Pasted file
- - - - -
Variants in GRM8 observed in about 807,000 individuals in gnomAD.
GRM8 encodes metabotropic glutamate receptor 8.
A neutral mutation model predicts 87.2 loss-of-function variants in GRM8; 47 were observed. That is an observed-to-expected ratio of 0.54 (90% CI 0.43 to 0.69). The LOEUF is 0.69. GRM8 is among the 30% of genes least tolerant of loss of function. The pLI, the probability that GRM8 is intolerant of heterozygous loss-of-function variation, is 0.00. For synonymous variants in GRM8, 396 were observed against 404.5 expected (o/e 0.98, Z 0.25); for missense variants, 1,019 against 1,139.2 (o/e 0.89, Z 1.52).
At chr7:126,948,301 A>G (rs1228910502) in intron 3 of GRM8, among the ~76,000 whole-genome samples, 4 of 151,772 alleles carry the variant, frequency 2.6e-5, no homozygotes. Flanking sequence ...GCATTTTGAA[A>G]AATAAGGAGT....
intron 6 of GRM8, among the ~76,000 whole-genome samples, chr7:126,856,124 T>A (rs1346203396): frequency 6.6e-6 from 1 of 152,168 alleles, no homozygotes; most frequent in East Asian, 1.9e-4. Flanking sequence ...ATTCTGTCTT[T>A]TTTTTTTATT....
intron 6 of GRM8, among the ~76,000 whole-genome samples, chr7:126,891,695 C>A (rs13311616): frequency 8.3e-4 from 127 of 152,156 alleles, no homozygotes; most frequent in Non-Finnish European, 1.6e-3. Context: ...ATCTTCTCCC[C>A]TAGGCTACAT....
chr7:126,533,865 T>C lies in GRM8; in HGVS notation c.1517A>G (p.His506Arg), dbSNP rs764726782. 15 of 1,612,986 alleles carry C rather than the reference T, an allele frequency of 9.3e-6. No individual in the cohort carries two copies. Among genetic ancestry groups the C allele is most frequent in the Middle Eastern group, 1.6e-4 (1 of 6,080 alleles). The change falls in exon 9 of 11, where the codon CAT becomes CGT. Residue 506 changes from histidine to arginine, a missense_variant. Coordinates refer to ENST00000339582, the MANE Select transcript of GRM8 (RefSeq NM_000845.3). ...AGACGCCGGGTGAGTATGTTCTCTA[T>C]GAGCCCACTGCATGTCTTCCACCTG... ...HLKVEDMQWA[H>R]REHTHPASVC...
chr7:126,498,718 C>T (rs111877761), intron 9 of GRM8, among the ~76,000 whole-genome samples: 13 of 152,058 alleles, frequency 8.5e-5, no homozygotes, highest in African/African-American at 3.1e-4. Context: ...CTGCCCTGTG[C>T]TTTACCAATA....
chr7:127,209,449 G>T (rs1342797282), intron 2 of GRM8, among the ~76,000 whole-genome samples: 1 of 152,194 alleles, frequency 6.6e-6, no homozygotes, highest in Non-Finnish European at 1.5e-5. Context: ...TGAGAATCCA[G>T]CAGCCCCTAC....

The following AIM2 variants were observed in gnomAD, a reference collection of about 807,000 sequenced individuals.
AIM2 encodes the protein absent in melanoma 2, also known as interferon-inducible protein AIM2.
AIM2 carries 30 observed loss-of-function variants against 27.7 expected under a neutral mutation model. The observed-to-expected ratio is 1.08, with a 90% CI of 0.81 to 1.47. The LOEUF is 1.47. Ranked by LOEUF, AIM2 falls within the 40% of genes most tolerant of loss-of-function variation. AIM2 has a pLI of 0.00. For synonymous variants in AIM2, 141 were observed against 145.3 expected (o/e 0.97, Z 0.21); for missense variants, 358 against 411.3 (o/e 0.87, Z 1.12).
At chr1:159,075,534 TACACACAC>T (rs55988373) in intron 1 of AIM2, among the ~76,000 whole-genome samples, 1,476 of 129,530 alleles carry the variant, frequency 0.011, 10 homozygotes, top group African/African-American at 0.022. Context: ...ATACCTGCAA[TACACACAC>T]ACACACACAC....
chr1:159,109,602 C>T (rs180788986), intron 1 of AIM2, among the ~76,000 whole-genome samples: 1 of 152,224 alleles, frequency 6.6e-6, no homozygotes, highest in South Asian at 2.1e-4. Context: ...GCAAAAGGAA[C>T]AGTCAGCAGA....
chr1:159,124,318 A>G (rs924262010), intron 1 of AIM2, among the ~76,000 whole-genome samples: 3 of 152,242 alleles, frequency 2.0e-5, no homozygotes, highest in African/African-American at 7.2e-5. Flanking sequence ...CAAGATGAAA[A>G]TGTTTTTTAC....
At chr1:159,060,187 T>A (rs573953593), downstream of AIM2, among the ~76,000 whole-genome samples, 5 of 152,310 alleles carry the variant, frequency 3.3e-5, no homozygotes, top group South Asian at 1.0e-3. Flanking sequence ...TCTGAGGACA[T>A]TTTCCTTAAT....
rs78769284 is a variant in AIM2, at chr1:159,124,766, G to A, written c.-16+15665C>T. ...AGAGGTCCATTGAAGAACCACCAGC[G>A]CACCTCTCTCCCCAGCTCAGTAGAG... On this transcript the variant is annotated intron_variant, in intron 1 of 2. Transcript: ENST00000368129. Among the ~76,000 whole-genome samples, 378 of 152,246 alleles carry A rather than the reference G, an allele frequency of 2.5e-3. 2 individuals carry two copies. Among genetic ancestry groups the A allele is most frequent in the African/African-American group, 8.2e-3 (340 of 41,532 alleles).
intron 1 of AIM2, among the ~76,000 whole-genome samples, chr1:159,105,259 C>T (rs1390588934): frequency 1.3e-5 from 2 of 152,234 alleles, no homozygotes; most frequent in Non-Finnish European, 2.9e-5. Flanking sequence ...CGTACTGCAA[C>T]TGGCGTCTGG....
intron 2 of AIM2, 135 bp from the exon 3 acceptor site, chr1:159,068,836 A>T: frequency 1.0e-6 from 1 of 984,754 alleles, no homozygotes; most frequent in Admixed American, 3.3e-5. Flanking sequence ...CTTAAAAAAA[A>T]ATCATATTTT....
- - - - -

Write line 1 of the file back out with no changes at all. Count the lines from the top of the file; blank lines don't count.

Variants in GRM8 observed in about 807,000 individuals in gnomAD.